ABSTRACT

BackgroundDuring the COVID-19 pandemic, Florida reported some of the highest number of cases and deaths in the US; however, county-level variation in COVID-19 outcomes has not been comprehensively investigated. The present ecological study aimed to assess corelates of COVID-19 outcomes among Florida counties that explain variation in case rates, mortality rates, and case fatality rates (CFR) across pandemic waves. MethodWe obtained county-level administrative data and COVID-19 case reports from public repositories. We tested spatial autocorrelation to assess geographic clustering in COVID-19 outcomes: case rate, mortality rate, and CFR. Stepwise linear regression was employed to test the association between case, death, and CFR and 18 demographic, socioeconomic, and health-related county-level predictors. ResultsWe found mortality rate and CFR were significantly higher in rural counties compared to urban counties, among which significant differences in vaccination coverage was also observed. Multivariate analysis found that the percentage of the population aged over 65 years, the percentage of the obese people, and the percentage of rural population were significant predictors of COVID-19 case rate. Median age, vaccination coverage, percentage of people who smoke, and percentage of the population with diabetes were significant influencing factors for CFR. Importantly, vaccination coverage was significantly associated with a reduction in case rate (R = - 0.26, p = 0.03) and mortality (R = -0.51, p < 0.001). Last, we found that spatial dependencies play a role in explaining variations in COVID-19 CFR among Florida counties. ConclusionOur findings emphasize the need for targeted, equitable public health strategies to reduce disparities and enhance population resilience during public health crises. We further inform future spatial-epidemiological analyses and present actionable data for policies related to preparedness and response to current and future epidemics in Florida and elsewhere.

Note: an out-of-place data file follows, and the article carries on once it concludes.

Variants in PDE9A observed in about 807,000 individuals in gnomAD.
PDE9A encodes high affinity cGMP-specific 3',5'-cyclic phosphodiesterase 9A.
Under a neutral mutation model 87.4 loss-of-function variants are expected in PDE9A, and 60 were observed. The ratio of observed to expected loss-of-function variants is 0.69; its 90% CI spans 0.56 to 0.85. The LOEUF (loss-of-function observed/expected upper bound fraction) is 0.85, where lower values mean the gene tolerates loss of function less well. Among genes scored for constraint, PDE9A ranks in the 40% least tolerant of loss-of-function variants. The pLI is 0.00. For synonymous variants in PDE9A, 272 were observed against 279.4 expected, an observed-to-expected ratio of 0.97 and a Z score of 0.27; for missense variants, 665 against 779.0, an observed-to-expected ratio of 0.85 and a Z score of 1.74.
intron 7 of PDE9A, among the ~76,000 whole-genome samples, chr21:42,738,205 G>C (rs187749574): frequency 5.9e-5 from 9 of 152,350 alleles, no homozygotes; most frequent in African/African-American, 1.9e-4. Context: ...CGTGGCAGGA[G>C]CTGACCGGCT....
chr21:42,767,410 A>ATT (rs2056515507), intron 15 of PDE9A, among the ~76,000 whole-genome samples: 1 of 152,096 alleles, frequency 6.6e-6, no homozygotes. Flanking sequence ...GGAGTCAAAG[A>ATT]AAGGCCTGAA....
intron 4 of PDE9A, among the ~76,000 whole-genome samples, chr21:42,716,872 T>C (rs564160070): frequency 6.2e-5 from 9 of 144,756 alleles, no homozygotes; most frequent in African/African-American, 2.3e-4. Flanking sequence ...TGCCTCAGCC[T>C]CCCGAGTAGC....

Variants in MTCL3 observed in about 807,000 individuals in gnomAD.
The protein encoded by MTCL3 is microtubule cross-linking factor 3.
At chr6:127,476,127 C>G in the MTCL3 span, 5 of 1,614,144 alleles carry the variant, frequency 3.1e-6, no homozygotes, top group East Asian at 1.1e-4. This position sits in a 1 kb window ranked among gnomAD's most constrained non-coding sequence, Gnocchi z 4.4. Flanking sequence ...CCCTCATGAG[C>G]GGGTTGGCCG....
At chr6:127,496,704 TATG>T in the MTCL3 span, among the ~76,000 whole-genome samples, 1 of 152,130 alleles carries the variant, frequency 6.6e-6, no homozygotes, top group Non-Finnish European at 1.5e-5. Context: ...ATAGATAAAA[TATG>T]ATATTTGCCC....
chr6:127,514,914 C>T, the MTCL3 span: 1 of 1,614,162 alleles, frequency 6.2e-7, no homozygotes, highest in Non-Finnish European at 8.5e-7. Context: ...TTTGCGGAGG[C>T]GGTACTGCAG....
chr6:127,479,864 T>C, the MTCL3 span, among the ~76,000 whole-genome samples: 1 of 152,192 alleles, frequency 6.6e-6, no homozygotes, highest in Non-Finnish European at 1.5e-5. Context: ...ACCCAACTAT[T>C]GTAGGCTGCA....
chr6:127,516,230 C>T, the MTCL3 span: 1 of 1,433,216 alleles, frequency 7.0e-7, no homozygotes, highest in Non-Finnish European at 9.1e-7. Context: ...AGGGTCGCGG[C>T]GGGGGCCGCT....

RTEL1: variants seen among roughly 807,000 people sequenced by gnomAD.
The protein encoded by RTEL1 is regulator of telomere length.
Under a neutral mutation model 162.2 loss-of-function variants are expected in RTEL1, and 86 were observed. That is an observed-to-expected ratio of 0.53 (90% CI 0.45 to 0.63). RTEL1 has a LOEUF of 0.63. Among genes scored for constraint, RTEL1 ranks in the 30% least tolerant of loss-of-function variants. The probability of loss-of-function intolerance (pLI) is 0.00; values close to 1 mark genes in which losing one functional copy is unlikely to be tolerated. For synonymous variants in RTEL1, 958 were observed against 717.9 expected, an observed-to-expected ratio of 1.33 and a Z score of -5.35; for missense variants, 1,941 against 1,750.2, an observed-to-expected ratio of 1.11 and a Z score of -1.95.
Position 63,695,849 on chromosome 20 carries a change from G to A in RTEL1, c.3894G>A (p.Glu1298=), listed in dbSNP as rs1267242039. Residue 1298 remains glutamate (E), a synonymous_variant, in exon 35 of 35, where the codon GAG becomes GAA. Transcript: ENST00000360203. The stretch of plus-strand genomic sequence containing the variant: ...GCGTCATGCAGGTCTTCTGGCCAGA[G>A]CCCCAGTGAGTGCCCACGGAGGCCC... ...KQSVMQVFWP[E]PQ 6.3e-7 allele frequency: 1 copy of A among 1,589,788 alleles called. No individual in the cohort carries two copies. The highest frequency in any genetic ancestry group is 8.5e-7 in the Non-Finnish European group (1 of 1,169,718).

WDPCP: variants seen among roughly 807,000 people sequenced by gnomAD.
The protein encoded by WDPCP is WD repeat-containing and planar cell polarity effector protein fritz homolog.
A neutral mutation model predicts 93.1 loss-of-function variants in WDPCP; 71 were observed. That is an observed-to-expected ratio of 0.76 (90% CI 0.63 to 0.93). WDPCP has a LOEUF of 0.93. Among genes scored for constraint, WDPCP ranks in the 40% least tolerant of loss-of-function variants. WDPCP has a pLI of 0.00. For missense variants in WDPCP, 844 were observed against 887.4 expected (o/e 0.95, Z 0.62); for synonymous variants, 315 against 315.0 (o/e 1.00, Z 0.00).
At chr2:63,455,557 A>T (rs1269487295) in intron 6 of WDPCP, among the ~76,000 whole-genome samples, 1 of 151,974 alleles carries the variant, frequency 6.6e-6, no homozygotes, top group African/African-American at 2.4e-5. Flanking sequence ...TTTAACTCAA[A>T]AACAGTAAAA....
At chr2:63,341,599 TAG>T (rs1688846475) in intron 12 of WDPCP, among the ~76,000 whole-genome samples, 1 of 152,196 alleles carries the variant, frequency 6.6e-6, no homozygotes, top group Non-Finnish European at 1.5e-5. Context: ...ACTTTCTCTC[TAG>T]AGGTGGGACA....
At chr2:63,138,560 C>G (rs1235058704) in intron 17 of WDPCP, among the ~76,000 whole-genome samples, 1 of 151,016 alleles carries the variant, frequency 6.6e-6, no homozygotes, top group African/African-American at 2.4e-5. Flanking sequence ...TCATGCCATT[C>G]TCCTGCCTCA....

Subject(s)
COVID-19 , Diabetes Mellitus , Obesity , Death , Substance-Related Disorders
7.
researchsquare; 2024.
Preprint in English | PREPRINT-RESEARCHSQUARE | ID: ppzbmed-10.21203.rs.3.rs-3888440.v1

ABSTRACT

Objective To determine the effects of recreational physical activity mediated by technology on the body composition of six- to nine-year-old children. Childhood obesity is a public health problem associated with the development of cardiovascular disease (CVD) and which was exacerbated during the COVID-19 lockdowns, given the restrictions on going to school and participating in group games, among others.Methods A quasi-experimental intervention study included 27 schoolchildren (12 boys and 15 girls) with an average age of 6 from an educational establishment during who received three 60-minute online sessions of recreational physical activity per week for 20 weeks.Results Medical tests were carried out prior to the intervention, which found that 13.3% of girls were overweight and 40% obese, while 6.7% of boys were overweight and 41.6% obese. After the interventions, there was an average weight reduction of 1.7 kg (p = 0.16), while there were also reductions in the proportion of the participants suffering from overweight and obesity, body fat percentage (0.9 percentage points; p = 0.4) and abdominal circumference (1.01 cm; p = 0.63).Conclusion The interventions mediated by technology had a positive impact on anthropometric measurements, promoting healthy practices and physical exercise during lockdown.


Subject(s)
Cardiovascular Diseases , COVID-19 , Obesity
8.
medrxiv; 2024.
Preprint in English | medRxiv | ID: ppzbmed-10.1101.2024.01.17.24301452

ABSTRACT